BANGKOK (Reuters) - Thailand has culled more than 200 pigs this week, authorities said on Tuesday, in the first such action amid heightened fears of a potential outbreak of African swine fever.
Thailand has yet to report an outbreak of African swine fever among its pigs, though neighboring Myanmar, Laos and Cambodia have all confirmed cases of the deadly disease.
Thailand’s department of livestock said the culling of the pigs was a “preventative action” after two pigs died mysteriously in the northern province of Chiang Rai, about 20 km (12.43 miles) from Myanmar.
“We have killed over 200 pigs on two farms there,” Nopporn Mahakanta, chief of the provincial livestock office, told Reuters, adding that the action was in line with protocols to curb outbreaks of animal diseases.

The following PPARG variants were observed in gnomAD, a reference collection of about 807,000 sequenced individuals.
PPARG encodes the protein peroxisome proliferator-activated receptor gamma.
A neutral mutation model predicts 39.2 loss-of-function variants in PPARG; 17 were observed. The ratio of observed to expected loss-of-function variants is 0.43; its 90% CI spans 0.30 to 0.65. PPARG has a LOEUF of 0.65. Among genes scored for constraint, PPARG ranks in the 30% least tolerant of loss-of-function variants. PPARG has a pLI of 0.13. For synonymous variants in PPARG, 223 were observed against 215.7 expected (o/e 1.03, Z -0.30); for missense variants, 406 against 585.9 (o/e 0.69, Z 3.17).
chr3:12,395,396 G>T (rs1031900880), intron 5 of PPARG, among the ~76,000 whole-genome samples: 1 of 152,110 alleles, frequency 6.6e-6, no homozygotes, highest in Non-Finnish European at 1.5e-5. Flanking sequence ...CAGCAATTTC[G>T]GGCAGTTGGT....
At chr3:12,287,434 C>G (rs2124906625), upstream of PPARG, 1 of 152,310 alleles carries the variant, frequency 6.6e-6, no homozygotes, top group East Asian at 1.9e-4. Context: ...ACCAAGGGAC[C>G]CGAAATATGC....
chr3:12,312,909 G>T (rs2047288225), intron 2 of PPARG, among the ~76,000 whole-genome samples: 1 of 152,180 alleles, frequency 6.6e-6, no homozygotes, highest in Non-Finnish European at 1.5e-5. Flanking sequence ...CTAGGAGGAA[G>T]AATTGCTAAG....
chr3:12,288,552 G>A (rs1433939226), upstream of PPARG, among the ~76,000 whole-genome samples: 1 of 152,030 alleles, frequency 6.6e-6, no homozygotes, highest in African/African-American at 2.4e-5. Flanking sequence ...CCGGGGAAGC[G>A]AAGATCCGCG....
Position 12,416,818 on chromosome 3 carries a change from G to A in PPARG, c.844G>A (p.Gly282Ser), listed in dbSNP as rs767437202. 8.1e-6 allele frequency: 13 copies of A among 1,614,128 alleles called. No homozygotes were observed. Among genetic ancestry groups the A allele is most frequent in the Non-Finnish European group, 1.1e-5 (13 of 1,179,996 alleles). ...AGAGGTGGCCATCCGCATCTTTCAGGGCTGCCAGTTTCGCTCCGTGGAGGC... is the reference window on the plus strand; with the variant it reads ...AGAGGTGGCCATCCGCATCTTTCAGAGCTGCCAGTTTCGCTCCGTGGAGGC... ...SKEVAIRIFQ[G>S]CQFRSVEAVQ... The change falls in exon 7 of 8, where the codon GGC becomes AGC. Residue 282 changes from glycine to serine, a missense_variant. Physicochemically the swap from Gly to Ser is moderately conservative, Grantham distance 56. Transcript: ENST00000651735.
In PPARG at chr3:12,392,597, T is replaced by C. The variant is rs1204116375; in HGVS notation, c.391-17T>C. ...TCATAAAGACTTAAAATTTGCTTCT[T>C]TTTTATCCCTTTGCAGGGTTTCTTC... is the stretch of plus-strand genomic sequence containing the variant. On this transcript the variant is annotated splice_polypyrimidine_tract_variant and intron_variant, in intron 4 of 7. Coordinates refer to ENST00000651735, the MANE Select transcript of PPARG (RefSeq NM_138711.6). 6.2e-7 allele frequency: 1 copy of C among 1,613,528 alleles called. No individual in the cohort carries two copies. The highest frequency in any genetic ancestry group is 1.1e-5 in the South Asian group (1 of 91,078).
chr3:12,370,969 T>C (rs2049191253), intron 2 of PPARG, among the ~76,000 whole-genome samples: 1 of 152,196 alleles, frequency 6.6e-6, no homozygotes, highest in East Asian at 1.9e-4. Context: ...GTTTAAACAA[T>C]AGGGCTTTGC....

“They were within a 1 km radius of the pigs that had fallen ill and died,” he said.
Nopporn said blood and tissue samples of the first pigs were sent on Monday to a lab in another northern province, Lampang, to see whether they had contracted African swine fever.
Lab results could take about 14 days, he said.
African swine fever was first detected in Asia last August in China, wiping out nearly 40% of pigs in the world’s largest pork producer. It has since spread across Asia, affecting Mongolia, Vietnam, Cambodia, Laos, Myanmar and the Philippines.
South Korea was the latest country affected by the virus, confirming two cases this week.
Thailand has been on high alert since neighboring countries reported outbreaks and has banned imports of pig and pork products from Laos and Myanmar.
Reporting by Panarat Thepgumpanat and Patpicha Tanakasempipat; Editing by David Goodman
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